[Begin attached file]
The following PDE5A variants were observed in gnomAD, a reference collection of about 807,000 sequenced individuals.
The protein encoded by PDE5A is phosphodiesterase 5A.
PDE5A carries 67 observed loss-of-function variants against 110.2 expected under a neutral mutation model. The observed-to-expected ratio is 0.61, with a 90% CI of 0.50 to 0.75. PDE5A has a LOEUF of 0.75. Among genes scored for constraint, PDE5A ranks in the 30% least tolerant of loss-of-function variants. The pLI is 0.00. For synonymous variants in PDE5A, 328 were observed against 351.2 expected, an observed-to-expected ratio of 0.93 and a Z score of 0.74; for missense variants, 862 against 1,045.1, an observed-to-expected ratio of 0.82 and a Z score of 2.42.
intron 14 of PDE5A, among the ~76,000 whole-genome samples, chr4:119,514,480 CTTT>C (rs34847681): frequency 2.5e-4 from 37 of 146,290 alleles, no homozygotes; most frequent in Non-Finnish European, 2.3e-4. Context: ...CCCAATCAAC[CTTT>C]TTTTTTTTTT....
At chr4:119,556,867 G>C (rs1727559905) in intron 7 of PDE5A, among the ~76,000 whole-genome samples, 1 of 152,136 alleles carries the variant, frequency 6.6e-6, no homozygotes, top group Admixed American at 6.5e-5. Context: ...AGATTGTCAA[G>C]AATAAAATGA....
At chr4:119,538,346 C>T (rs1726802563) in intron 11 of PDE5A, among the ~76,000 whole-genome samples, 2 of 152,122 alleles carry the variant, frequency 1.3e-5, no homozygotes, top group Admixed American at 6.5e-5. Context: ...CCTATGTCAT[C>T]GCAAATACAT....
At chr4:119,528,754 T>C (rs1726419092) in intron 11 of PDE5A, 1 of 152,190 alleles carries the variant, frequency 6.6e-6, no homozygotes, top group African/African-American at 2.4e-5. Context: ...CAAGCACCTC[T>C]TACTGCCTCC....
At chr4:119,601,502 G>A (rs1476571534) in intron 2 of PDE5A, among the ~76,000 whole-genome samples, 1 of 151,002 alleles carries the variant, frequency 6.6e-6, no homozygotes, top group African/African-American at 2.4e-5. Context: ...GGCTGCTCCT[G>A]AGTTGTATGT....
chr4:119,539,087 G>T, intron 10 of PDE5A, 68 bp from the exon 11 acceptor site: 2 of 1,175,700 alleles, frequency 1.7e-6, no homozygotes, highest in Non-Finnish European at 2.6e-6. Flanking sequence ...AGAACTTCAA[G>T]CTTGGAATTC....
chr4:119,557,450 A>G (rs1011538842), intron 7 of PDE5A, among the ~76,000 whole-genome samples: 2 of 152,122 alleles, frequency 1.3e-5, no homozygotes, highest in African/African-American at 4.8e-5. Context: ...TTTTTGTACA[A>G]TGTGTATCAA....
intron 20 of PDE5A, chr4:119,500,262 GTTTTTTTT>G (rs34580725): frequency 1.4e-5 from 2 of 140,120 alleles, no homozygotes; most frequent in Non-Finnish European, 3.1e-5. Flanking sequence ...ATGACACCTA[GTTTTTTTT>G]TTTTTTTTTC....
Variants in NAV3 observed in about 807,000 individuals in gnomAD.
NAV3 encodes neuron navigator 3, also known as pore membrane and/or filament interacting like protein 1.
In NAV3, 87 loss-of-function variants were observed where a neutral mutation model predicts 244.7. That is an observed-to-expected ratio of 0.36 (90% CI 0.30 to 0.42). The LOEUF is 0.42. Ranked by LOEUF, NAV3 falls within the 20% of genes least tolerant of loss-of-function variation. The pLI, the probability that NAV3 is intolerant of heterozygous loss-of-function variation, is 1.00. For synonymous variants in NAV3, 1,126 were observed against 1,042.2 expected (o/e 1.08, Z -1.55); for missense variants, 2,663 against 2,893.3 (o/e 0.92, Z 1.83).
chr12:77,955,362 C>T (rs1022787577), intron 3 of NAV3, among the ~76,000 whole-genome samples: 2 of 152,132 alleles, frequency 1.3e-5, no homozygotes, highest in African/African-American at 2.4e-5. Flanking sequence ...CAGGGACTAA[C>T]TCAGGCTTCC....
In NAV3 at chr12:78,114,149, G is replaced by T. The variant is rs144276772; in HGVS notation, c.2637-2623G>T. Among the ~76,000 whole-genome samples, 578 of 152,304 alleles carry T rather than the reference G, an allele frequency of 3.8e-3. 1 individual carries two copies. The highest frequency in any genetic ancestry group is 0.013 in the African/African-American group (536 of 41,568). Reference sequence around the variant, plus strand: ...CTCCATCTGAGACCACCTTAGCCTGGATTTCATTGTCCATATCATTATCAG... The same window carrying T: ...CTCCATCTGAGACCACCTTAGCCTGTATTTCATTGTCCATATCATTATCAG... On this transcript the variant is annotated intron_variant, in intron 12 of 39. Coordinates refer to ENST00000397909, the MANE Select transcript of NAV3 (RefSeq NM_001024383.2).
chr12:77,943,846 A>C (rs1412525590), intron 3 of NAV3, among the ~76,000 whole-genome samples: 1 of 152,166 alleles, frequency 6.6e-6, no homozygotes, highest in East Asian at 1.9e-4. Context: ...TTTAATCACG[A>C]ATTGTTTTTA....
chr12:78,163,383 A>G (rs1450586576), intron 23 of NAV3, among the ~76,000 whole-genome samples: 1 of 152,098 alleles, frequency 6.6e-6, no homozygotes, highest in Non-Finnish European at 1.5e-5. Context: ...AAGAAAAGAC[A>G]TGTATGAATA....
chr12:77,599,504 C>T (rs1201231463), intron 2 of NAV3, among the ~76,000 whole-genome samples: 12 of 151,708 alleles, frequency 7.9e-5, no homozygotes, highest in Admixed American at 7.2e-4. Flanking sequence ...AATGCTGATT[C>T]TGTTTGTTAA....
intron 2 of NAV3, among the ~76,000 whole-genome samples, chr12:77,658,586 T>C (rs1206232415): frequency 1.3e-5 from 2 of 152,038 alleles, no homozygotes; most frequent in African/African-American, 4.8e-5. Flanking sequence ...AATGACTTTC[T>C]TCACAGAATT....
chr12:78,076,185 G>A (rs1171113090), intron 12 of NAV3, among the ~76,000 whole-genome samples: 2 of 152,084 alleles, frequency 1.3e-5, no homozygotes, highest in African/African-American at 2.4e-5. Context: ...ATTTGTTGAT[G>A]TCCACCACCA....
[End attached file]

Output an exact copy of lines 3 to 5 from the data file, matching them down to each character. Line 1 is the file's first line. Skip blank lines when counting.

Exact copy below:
PDE5A carries 67 observed loss-of-function variants against 110.2 expected under a neutral mutation model. The observed-to-expected ratio is 0.61, with a 90% CI of 0.50 to 0.75. PDE5A has a LOEUF of 0.75. Among genes scored for constraint, PDE5A ranks in the 30% least tolerant of loss-of-function variants. The pLI is 0.00. For synonymous variants in PDE5A, 328 were observed against 351.2 expected, an observed-to-expected ratio of 0.93 and a Z score of 0.74; for missense variants, 862 against 1,045.1, an observed-to-expected ratio of 0.82 and a Z score of 2.42.
intron 14 of PDE5A, among the ~76,000 whole-genome samples, chr4:119,514,480 CTTT>C (rs34847681): frequency 2.5e-4 from 37 of 146,290 alleles, no homozygotes; most frequent in Non-Finnish European, 2.3e-4. Context: ...CCCAATCAAC[CTTT>C]TTTTTTTTTT....
At chr4:119,556,867 G>C (rs1727559905) in intron 7 of PDE5A, among the ~76,000 whole-genome samples, 1 of 152,136 alleles carries the variant, frequency 6.6e-6, no homozygotes, top group Admixed American at 6.5e-5. Context: ...AGATTGTCAA[G>C]AATAAAATGA....